As it turned out, there wasn’t much to plan: No matter where the night began, almost everyone rolled down to Apache Bar–a multi-tiered, Indian-themed joint with a nightly fire-show–or Carlito’s–a huge, Swedish-run place with fairy lights, tons of chairs and tables on the sand, a big dance floor and great mix of reggae, house and old-school tunes. We initiated ourselves into the mindless mayhem of Kho Phi Phi by ordering our first round of buckets, Beth toasting to her long vacation and Jen and I toasting to unemployment. By the time we got to the bottom of our drinks, we’d magically made friends with half the people on the beach and were already planning on where to go tomorrow (not a tough choice, as I mentioned).

Hangovers not withstanding, our week on Phi Phi turned out to be just what the travel doctor ordered. We surrendered to the local mindset without a fight, shopping for stretchy dresses, watching pirated movies, eating stir-fry lunches and taking afternoon naps on the beach. We went out ‘til all hours at night and still managed to get up early the next morning to spot sharks, moray eels and scorpion fish on scuba diving excursions. We even broke down and watched The Beach, which I realized, was actually a pretty crappy movie with one really great thing going for it-the spectacular setting right outside our door.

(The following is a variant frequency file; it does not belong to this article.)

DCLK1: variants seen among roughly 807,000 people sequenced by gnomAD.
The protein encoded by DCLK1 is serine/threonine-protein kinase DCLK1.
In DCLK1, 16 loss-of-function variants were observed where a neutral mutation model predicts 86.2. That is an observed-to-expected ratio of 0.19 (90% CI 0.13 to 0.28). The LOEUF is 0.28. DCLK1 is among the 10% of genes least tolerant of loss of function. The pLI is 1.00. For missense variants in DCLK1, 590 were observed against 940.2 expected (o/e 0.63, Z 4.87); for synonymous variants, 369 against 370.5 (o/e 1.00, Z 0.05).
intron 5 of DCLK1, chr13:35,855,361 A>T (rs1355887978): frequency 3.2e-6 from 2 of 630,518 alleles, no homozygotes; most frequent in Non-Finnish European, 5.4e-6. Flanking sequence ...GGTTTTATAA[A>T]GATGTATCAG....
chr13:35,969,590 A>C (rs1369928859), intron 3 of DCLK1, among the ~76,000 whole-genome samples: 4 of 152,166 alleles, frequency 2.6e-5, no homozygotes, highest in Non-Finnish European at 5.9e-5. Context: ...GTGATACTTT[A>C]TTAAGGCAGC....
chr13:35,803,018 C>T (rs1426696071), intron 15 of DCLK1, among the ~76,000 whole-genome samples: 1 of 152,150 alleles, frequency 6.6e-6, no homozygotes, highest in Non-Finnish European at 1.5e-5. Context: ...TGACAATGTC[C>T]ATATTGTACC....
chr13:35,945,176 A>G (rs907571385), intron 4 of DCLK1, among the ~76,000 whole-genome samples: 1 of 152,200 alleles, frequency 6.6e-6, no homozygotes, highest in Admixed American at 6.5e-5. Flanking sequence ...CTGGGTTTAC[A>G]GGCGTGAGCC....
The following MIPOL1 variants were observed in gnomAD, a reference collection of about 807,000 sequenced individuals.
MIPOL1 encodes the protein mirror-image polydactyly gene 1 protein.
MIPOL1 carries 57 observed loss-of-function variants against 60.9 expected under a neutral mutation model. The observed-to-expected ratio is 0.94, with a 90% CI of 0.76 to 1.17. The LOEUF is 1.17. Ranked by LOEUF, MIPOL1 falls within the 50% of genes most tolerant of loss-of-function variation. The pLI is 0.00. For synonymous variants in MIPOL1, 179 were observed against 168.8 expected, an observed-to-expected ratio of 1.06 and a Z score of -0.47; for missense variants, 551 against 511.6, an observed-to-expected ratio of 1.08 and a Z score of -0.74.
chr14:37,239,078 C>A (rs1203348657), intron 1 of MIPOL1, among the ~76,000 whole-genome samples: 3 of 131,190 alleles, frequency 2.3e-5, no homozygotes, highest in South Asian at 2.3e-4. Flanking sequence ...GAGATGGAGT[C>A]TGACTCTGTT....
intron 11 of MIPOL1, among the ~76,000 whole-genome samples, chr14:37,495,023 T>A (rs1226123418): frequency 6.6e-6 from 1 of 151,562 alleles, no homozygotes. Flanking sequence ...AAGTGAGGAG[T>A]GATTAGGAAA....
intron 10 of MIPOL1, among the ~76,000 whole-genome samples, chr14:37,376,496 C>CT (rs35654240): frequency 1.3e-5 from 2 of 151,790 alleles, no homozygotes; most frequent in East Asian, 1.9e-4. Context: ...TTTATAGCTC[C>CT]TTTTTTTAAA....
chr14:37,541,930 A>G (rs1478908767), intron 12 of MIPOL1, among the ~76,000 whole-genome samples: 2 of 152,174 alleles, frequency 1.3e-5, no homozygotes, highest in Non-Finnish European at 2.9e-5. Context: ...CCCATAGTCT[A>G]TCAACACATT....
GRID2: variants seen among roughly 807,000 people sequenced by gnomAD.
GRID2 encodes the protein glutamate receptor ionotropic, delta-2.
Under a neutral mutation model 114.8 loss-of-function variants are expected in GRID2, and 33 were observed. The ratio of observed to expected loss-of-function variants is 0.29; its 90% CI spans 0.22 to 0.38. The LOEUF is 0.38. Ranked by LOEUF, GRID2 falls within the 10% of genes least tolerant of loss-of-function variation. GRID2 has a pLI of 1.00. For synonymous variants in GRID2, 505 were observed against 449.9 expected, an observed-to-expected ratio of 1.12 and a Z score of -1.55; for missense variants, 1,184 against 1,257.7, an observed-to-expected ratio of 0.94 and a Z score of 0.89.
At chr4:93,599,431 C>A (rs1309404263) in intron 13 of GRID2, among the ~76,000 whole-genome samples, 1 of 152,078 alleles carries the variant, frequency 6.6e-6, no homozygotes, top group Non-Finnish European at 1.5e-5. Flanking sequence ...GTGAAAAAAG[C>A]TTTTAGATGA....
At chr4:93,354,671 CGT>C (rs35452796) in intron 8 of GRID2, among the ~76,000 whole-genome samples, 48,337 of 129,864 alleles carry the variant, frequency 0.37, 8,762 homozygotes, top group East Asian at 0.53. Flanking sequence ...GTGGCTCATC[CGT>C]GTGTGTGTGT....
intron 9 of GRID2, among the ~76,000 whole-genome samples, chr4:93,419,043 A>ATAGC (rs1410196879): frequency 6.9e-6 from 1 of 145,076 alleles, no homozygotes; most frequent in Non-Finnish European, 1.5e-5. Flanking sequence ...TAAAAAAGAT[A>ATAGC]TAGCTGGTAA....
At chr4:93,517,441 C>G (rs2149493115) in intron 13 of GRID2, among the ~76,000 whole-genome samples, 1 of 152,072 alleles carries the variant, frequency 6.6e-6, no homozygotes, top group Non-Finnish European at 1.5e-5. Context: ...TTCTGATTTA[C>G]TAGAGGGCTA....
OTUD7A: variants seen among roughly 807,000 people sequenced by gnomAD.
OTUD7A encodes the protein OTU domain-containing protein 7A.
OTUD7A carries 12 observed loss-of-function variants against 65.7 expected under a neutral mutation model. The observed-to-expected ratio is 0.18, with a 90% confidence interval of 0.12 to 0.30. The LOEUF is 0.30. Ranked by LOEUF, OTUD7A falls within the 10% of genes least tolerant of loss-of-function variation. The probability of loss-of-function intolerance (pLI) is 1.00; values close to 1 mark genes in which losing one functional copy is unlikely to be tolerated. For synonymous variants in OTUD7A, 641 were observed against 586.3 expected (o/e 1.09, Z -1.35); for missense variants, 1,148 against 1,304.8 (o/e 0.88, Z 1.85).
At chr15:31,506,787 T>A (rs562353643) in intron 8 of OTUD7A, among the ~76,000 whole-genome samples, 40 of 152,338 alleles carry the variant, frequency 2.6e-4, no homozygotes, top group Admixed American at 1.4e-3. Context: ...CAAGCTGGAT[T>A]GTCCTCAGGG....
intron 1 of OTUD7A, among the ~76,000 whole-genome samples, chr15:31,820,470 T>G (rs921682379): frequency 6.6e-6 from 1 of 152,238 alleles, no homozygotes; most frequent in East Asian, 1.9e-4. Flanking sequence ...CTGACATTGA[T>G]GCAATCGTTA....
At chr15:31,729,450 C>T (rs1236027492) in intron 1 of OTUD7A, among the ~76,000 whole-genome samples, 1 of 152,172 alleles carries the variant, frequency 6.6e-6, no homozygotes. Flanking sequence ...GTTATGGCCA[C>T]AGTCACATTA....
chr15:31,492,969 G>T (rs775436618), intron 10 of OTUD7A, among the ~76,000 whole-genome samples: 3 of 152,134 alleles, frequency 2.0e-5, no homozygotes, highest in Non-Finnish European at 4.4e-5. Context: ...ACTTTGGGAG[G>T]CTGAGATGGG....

Blame it on the buckets or hitting the six-month mark of this yearlong journey, but it became as clear as a vodka tonic that not every experience we have on this trip has to enhance our view of the world-sometimes, blurrier is actually better. I may not have grown intellectually during our week in Kho Phi Phi, but I did have two alcohol-inspired insights: Sometimes, taking a break from culture is the very thing you need to learn to appreciate it all over again. And occasionally, even travelers can use a vacation from their vacation.

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  • Desert Songbird says:

    Spectacular views, and a week of relaxation anyone could use, especially this weary suburban mom. Thanks for sharing the experience.

  • Darren Cronian says:

    Ok, I’m jealous!! That beach looks so inviting right now, after spending a week in minus 12 temps in Norway.